In an article published in 1999, in volume 879 of the Annals of the New York Academy of Sciences, Pier Luigi Luisi speaks about the two traditional models of time that have been considered by traditional philosophy and the mythologies of various historical civilizations. They must not be confused with the two philosophical models originated in the twentieth century, the time A and time B of which I spoke in another post of this blog.
- Cyclical time, predominant in Asian civilizations and the Greco-Roman world until the Christian world view took root there. The origin of this model is evident, for many natural phenomena are cyclical: sunrise and sunset; the phases of the moon; the annual movements of the stars, synchronized with the seasons and with many biological phenomena...
- Linear time, prevailing in the three religions who consider themselves descendants of Abraham: Judaism, Christianity and Islam. Linear time can be compared with the course of the life of a living being, which begins at birth, goes on with changes during a certain period, and ends with death.
Stephen Hawking, in his book A Brief History of Time, distinguishes three different time arrows:
- The thermodynamic arrow, incorporated in the second principle, which states that in a thermodynamically isolated system, entropy (a measure of energy disorganization) always increases.
- The cosmological arrow, due to the fact that the universe has its origin in the Big Bang and from there evolves in a linear way.
- The psychological arrow, which allows us to distinguish the past from the future.
The linear cosmological arrow could become cyclical if the universe were to contract from a certain point in time, ending in a Big Crunch. There could be a rebound that would lead to a new Big Bang and another cosmic cycle. When Hawking wrote this book, he clearly favored the cyclic universe. Later this model has been abandoned, when it was discovered in 1998 that the universe is in accelerated expansion (see another post in this blog), although Roger Penrose is recently trying to recover it.
Luisi, who has researched in the field of synthetic biology, adds two other arrows of time to Hawking’s three, both related to biology:
- The arrow of the origin of life: when the Earth started to exist, there was no life. About one billion years later, the first remains of living beings appear. What happened before? At some point, life must have appeared, because there was no life before. That gives rise to a temporary asymmetry that we can consider as an arrow of biological time.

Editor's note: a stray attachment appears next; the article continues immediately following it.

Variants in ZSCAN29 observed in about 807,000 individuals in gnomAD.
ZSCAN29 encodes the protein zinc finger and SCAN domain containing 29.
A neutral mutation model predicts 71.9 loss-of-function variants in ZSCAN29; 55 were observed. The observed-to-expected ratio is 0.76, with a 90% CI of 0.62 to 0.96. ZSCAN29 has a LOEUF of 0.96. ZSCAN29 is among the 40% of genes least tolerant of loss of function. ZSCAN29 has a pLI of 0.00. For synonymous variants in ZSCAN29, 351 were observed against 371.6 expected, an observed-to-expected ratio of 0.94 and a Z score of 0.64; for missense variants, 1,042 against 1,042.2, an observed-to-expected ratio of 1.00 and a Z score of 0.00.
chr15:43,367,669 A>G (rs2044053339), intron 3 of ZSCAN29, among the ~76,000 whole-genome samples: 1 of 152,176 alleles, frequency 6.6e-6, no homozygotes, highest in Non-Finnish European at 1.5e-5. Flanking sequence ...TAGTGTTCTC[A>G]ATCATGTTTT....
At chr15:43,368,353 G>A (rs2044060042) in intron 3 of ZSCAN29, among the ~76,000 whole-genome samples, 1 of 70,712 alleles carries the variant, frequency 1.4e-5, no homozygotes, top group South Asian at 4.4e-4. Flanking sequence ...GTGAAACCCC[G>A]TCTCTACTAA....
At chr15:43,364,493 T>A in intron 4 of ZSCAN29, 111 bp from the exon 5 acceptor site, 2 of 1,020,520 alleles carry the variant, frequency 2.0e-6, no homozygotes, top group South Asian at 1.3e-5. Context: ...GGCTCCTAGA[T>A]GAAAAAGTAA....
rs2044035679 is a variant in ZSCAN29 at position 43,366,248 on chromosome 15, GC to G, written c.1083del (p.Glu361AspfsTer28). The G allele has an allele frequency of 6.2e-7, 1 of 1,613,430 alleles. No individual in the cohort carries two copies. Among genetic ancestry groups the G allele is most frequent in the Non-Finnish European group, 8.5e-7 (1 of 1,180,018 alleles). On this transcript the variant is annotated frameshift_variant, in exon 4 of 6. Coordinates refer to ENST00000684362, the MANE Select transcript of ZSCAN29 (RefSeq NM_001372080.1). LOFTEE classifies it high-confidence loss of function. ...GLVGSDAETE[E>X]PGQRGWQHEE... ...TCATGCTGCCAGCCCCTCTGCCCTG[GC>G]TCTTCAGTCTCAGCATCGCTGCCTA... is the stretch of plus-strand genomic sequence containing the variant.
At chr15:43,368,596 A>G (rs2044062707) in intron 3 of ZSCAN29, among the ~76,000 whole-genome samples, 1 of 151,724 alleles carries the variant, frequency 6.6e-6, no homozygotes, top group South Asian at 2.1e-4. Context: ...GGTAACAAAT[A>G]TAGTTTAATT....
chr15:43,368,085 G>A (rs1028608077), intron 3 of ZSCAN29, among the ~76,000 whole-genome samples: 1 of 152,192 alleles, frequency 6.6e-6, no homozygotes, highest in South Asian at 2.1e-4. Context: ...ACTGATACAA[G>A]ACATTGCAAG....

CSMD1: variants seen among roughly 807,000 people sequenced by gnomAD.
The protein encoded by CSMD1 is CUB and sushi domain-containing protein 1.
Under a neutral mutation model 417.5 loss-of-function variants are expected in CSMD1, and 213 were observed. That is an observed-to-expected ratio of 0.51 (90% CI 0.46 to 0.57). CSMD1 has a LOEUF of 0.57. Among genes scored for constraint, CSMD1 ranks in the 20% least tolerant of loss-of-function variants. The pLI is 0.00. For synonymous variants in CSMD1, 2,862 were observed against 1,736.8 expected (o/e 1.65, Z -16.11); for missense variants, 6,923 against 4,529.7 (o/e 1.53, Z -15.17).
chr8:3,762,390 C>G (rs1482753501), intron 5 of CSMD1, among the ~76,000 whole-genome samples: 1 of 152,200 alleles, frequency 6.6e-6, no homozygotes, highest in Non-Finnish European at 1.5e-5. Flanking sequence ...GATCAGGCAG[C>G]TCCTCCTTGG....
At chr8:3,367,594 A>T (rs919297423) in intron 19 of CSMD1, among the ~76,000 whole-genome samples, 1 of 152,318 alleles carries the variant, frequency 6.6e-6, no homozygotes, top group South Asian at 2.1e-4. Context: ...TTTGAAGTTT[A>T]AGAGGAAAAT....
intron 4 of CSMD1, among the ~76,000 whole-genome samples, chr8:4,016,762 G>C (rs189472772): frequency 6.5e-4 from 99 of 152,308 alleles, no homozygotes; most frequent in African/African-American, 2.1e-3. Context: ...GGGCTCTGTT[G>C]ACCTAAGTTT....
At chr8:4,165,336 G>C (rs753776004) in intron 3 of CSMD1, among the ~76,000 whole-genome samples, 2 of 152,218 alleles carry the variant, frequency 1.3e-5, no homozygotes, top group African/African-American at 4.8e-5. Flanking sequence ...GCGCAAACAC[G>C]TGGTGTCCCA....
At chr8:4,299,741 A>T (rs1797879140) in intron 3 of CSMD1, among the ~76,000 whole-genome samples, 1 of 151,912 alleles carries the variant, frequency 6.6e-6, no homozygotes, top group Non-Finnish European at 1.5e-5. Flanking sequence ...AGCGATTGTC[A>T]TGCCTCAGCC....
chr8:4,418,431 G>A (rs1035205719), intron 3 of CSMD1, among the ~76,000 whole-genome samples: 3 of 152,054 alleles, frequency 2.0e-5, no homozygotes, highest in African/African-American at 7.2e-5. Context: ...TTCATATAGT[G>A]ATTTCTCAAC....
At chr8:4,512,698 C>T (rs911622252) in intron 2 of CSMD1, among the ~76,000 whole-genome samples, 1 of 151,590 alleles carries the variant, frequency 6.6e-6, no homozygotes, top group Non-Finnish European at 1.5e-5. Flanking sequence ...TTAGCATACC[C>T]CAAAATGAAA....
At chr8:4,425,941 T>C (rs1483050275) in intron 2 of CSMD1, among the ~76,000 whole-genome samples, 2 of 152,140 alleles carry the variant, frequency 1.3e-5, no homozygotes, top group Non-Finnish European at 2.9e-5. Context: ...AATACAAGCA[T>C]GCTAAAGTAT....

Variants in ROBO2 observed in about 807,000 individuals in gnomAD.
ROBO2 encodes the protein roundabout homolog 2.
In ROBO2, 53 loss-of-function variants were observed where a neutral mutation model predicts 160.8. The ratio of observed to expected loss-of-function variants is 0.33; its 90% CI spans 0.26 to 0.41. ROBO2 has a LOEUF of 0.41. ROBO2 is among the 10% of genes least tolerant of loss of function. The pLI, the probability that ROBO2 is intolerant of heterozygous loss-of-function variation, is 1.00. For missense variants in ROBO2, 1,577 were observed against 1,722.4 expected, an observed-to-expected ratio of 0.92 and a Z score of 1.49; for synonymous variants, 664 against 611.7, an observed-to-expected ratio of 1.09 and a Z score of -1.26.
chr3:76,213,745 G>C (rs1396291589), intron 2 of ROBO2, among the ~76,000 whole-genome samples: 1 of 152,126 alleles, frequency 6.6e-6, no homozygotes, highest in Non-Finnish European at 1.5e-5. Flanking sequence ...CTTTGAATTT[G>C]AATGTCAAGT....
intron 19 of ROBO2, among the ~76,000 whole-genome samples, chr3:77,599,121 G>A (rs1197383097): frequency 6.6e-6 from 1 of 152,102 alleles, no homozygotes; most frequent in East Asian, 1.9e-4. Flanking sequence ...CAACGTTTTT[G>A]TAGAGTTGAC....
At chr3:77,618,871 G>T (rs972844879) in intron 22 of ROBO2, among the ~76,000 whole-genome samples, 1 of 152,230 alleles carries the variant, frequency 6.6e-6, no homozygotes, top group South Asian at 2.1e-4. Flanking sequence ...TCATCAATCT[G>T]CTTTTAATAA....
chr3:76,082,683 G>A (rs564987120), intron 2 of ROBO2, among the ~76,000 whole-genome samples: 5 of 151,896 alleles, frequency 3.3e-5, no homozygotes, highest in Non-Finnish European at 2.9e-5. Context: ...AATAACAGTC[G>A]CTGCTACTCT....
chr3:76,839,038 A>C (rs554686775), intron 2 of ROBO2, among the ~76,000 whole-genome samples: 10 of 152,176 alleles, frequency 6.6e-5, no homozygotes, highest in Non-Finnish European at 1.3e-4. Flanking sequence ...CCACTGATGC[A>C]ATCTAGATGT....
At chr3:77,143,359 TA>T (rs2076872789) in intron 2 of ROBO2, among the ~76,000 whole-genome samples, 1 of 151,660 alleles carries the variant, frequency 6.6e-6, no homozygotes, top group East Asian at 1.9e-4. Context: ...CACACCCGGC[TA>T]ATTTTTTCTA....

- The arrow of evolution. Living beings on the Earth have changed with time. As I explained elsewhere, the amount of information that a living being can process increases over time. Since the apparition of man, it has grown enormously.
Luisi suggests that the life of any living being cannot be represented as a simple cyclical phenomenon of nutrient acquisition, its assimilation and the elimination of waste, but rather as a spiral that changes slowly until it dissolves in death. Luisi also addresses the problem of what happens after death, which depends on the philosophy applied. For materialistic atheism, everything ends in death. For some religions, especially Eastern, most living being that die are reincarnated again in this world. For others, such as Christianity, we are moved to the next life in a different world. Of course, science has nothing to say about this.
Regarding the arrow of evolution, Luisi describes three possibilities arising in this context:
|Stephen Jay Gould|
- That the tree of life is contingent, so that the evolution on another planet, or an alternative evolution on our Earth, would have reached a totally different result. In such case, humanity cannot be the goal of evolution. This is Stephen Jay Gould’s position in his book Wonderful Life.
- That the tree of life is not contingent, since evolution converges, as shown by the successive apparition of very similar body structures in very different branches, such as sharks, ichthyosaurs and dolphins. According to this theory, held by Simon Conway Morris in his book The Crucible of Creation, written in answer to Gould’s book, a species very similar to man would have appeared on Earth even though evolution had been different, and it should also appear in any other place in the universe where life arises. Conway Morris comes back to this idea in his more recent book Life's Solution: Inevitable Humans in a Lonely Universe.
- That the apparition of man is the goal of evolution, which has been directed by God, as John Polkinghorne asserts in his book Belief in God in an Age of Science.
The same post in Spanish
Thematic thread on Time: Preceding Next